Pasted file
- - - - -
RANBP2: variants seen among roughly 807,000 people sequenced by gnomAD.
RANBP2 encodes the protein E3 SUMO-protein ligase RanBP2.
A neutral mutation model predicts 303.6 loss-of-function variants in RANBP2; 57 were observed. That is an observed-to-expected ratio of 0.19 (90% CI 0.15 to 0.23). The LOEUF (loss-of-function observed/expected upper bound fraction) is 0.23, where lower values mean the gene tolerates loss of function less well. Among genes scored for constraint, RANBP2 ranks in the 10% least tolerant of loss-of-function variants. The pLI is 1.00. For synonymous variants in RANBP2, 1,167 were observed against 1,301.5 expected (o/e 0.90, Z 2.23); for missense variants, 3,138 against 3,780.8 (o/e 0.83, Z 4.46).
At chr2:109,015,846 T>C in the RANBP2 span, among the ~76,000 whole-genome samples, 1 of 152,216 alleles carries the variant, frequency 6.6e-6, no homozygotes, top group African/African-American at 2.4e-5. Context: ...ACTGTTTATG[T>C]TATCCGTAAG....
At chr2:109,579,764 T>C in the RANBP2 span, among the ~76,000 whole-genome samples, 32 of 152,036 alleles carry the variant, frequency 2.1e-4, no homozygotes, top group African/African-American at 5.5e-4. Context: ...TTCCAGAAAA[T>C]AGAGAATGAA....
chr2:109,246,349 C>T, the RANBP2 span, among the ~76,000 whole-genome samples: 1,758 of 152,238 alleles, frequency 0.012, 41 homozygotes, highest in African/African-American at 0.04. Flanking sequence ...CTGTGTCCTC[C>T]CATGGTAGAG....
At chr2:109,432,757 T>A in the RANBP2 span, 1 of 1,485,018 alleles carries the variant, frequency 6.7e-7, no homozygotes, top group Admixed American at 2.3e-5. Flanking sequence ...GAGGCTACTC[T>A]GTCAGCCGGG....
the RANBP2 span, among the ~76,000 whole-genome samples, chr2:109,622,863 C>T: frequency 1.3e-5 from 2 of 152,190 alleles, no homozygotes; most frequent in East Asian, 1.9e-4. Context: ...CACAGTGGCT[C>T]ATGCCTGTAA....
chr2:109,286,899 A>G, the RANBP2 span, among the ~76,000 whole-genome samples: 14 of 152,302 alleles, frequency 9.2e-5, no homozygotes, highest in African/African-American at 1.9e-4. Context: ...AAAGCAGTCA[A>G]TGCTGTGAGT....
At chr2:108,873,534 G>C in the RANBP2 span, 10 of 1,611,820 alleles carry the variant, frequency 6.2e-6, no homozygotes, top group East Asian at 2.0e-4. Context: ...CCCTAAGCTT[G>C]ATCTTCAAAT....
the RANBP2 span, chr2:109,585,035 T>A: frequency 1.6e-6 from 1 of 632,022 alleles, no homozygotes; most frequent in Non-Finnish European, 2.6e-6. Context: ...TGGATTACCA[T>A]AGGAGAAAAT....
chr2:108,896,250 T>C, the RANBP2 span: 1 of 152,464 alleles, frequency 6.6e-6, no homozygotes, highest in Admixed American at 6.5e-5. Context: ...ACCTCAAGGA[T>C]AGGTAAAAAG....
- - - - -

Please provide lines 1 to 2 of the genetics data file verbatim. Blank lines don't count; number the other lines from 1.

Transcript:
RANBP2: variants seen among roughly 807,000 people sequenced by gnomAD.
RANBP2 encodes the protein E3 SUMO-protein ligase RanBP2.